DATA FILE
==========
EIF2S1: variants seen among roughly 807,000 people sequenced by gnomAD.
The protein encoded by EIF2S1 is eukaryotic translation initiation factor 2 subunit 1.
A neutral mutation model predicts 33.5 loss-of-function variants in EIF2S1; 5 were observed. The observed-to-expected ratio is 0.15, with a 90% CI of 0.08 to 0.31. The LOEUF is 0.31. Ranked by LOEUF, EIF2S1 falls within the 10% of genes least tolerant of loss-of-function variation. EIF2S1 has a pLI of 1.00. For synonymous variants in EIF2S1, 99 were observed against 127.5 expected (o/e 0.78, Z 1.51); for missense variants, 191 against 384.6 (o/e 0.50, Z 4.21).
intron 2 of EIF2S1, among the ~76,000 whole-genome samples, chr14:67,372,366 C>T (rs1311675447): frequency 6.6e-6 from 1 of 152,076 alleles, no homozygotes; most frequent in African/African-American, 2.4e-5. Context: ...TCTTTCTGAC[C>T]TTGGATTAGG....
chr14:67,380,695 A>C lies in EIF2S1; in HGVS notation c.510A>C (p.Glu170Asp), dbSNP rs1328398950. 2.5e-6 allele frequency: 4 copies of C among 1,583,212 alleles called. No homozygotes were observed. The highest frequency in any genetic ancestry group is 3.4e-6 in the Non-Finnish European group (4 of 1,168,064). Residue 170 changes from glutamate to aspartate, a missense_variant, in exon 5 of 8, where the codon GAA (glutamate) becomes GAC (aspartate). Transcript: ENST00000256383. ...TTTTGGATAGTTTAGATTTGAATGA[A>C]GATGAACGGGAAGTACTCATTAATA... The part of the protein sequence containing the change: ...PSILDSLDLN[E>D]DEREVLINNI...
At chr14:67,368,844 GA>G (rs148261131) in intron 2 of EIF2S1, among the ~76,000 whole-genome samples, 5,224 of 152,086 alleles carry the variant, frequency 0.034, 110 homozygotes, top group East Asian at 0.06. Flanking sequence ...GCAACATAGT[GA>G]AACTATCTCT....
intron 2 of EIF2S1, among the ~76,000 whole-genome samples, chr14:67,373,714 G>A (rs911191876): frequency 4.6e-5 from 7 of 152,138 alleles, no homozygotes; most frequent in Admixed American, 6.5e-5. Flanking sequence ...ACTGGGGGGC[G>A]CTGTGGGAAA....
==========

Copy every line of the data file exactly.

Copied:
EIF2S1: variants seen among roughly 807,000 people sequenced by gnomAD.
The protein encoded by EIF2S1 is eukaryotic translation initiation factor 2 subunit 1.
A neutral mutation model predicts 33.5 loss-of-function variants in EIF2S1; 5 were observed. The observed-to-expected ratio is 0.15, with a 90% CI of 0.08 to 0.31. The LOEUF is 0.31. Ranked by LOEUF, EIF2S1 falls within the 10% of genes least tolerant of loss-of-function variation. EIF2S1 has a pLI of 1.00. For synonymous variants in EIF2S1, 99 were observed against 127.5 expected (o/e 0.78, Z 1.51); for missense variants, 191 against 384.6 (o/e 0.50, Z 4.21).
intron 2 of EIF2S1, among the ~76,000 whole-genome samples, chr14:67,372,366 C>T (rs1311675447): frequency 6.6e-6 from 1 of 152,076 alleles, no homozygotes; most frequent in African/African-American, 2.4e-5. Context: ...TCTTTCTGAC[C>T]TTGGATTAGG....
chr14:67,380,695 A>C lies in EIF2S1; in HGVS notation c.510A>C (p.Glu170Asp), dbSNP rs1328398950. 2.5e-6 allele frequency: 4 copies of C among 1,583,212 alleles called. No homozygotes were observed. The highest frequency in any genetic ancestry group is 3.4e-6 in the Non-Finnish European group (4 of 1,168,064). Residue 170 changes from glutamate to aspartate, a missense_variant, in exon 5 of 8, where the codon GAA (glutamate) becomes GAC (aspartate). Transcript: ENST00000256383. ...TTTTGGATAGTTTAGATTTGAATGA[A>C]GATGAACGGGAAGTACTCATTAATA... The part of the protein sequence containing the change: ...PSILDSLDLN[E>D]DEREVLINNI...
At chr14:67,368,844 GA>G (rs148261131) in intron 2 of EIF2S1, among the ~76,000 whole-genome samples, 5,224 of 152,086 alleles carry the variant, frequency 0.034, 110 homozygotes, top group East Asian at 0.06. Flanking sequence ...GCAACATAGT[GA>G]AACTATCTCT....
intron 2 of EIF2S1, among the ~76,000 whole-genome samples, chr14:67,373,714 G>A (rs911191876): frequency 4.6e-5 from 7 of 152,138 alleles, no homozygotes; most frequent in Admixed American, 6.5e-5. Flanking sequence ...ACTGGGGGGC[G>A]CTGTGGGAAA....